Easthampton skate park plans taking shape, public meeting Monday

  • The city of Easthampton and a group of advocates for a new skate park behind the Municipal Building on Payson Avenue hope to one day see people doing tricks in Easthampton, as this skateboarder did two years ago at Northampton’s Skate Park. A meeting to discuss Easthampton’s plan is scheduled for Monday night. Gazette file photo

Staff Writer
Published: 4/5/2022 9:08:49 PM
Modified: 4/5/2022 9:07:47 PM

EASTHAMPTON — Preliminary plans for the city’s first official skate park, behind the Municipal Building on Payson Avenue, are set to be unveiled next week.

For nearly three years, Easthampton Skatepark organizer Angie Falkowski and her group have been exploring sites and raising awareness, support and funding in an effort to create a skate park in the city. Those plans take a step forward Monday, when the Planning Department seeks public input on the design of the skate park at an information-gathering meeting at 6 p.m. in the Municipal Building’s second floor meeting room at 50 Payson Ave.

The city will also be releasing a survey on the Easthampton Planning Department accounts on Facebook and Instagram on Friday.

Through the group’s combined efforts and assistance from City Planner Jeff Bagg, they were able to secure $42,500 in Community Preservation Act funds in January to create designs, establish cost estimates and hold meetings related to the proposed skate park.

“The need for a skate park was identified in the city’s 2021 open space and recreation plan, and the funding for a design marks the city’s commitment to provide an alternative to organized sports,” Bagg said in a statement.

Though the city has a number of recreational opportunities with multiple soccer, baseball and basketball fields, as well as tennis and pickleball courts, Bagg said that there are not any other diverse recreational activities in Easthampton.

A prefabricated skate park previously built by Scituate Concrete Pipe Corp. behind Eastworks was eventually torn down due to its poor condition.

When Easthampton Skatepark brought their ideas before the city, member Eddie Comini said that Bagg, Mayor Nicole LaChapelle and At-Large City Councilor Owen Zaret helped identify a potential location behind the Municipal Building and the Public Safety Complex at 32 and 50 Payson Ave.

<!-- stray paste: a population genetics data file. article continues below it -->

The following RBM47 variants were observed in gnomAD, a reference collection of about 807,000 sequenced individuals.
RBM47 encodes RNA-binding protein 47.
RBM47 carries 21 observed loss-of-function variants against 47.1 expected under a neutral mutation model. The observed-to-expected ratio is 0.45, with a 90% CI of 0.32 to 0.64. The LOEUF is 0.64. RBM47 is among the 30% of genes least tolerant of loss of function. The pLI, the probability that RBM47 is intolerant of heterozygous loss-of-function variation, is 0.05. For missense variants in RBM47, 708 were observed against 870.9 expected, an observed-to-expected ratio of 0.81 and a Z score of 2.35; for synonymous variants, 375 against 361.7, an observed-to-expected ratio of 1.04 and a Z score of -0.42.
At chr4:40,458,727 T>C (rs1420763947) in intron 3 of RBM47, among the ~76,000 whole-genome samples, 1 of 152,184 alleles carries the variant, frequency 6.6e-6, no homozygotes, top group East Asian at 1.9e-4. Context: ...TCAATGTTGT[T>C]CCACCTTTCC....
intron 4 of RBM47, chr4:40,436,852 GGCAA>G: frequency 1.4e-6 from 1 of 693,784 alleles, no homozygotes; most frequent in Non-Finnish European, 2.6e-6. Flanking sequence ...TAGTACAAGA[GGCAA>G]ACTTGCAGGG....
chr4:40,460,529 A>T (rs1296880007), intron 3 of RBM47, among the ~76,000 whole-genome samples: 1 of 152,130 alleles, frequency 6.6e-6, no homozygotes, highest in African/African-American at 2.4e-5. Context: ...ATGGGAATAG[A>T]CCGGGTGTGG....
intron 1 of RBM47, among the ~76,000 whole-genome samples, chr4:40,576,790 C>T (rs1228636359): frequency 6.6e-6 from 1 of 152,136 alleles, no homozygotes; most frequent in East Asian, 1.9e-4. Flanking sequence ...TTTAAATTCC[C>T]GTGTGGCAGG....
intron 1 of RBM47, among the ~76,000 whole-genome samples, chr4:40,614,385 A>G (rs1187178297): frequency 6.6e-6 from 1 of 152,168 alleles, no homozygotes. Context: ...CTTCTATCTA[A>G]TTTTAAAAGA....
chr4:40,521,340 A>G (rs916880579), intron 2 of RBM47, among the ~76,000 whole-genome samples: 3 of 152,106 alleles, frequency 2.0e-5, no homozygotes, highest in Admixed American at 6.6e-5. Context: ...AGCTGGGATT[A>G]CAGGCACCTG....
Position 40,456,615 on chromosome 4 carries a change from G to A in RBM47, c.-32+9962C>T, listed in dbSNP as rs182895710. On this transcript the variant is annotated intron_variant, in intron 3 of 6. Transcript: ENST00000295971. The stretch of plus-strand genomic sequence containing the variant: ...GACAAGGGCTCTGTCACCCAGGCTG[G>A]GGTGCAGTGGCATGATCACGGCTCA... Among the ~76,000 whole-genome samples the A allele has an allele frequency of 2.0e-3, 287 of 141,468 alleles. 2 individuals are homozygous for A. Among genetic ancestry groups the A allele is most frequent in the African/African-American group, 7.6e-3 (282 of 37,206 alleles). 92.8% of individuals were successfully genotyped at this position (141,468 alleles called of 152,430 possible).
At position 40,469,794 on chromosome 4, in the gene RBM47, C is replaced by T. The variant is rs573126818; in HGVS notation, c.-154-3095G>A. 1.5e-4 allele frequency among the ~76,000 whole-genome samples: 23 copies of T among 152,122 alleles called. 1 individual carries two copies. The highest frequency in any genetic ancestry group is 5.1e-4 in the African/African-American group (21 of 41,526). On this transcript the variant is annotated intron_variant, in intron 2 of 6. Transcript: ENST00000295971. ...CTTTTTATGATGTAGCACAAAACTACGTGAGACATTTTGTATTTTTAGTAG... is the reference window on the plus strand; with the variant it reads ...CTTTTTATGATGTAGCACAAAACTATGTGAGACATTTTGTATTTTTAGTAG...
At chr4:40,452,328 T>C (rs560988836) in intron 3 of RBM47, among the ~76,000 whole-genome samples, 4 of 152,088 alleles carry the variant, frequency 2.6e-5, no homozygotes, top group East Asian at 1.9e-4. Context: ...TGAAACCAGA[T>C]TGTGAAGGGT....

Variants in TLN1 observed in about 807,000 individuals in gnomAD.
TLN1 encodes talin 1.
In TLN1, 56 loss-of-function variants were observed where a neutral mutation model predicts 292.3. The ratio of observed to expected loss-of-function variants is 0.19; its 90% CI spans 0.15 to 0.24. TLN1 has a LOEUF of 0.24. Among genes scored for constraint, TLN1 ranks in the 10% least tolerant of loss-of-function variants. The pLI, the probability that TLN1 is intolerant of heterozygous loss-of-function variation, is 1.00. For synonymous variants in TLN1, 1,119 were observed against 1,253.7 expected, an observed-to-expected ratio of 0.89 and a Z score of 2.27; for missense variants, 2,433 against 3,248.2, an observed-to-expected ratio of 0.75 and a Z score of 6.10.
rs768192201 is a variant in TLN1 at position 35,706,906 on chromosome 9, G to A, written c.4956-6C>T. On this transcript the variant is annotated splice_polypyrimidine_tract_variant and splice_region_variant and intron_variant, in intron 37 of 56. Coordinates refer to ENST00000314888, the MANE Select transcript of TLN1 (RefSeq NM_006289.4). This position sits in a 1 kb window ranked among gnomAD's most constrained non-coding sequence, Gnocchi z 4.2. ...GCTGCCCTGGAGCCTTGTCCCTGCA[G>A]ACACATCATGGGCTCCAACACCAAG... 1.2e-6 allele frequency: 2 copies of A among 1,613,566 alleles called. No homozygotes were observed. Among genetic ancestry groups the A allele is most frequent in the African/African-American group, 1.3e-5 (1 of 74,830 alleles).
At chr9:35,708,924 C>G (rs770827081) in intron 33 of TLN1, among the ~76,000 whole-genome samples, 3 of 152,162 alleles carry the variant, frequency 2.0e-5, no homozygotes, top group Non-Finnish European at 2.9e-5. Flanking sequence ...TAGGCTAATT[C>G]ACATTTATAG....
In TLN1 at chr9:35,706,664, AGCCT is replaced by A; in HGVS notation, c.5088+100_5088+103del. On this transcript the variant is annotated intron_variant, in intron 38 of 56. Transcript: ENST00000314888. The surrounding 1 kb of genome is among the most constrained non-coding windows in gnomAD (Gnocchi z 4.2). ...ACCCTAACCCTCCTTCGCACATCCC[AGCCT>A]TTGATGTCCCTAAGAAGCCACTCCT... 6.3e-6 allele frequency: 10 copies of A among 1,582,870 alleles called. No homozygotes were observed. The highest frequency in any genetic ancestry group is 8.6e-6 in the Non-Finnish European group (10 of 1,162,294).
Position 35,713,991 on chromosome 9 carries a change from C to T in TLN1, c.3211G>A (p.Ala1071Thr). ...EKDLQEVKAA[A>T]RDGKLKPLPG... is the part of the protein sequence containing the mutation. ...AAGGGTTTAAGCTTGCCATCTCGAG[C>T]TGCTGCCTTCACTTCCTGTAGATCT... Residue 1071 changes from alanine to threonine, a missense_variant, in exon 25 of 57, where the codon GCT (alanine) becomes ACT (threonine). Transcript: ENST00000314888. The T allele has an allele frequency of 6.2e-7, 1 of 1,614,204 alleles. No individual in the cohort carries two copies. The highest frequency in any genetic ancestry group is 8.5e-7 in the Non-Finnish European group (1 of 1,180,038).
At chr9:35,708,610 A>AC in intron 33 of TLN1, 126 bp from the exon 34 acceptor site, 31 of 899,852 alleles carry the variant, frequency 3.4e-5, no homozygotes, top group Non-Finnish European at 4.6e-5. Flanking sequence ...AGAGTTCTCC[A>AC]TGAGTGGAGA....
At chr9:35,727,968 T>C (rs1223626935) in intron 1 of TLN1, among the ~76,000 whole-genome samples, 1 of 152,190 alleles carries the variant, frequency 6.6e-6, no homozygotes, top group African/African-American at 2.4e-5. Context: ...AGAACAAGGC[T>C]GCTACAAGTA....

“Easthampton’s skate park project represents a true community effort, bringing a quality recreational opportunity with low economic cost to youth of all ages,” said LaChapelle in a statement.

The city hired Tampa, Florida-based skate park design firm Platform Group in February to create a design and cost estimate suitable for future grant funds. After meeting with the founders of the company, Tito Porrata and Ryan Clements, Falkowski said that choosing Platform Group was the best decision for Easthampton.

“They are just as passionate as we are about wanting to create a great skate park for western Mass. We all agreed that the park should include a street plaza along with fun transition features, and Platform Group has presented some great ideas,” she said. “I am looking forward to the public meeting and hearing what the community’s feedback is on the design … I’m stoked about the design and only expect it to get better after the public meeting.”

After the initial April 11 meeting, a second meeting will take place in May or early June in preparation for possible application for construction grants in July, according to Bagg.

Cost estimates will come after the second meeting, but most parks seem to be ranging between $500,000 and $750,000, he said. One possible funding source the Planning Department is looking into is the state’s Parkland Acquisition and Renovation for Communities grant program, which can provide up to $400,000 for this type of project.

In addition to Falkowski and Comini, other Easthampton Skatepark organizers include Jeff Burke, Matt Boucher and Noah Halpern-Mcmanus.


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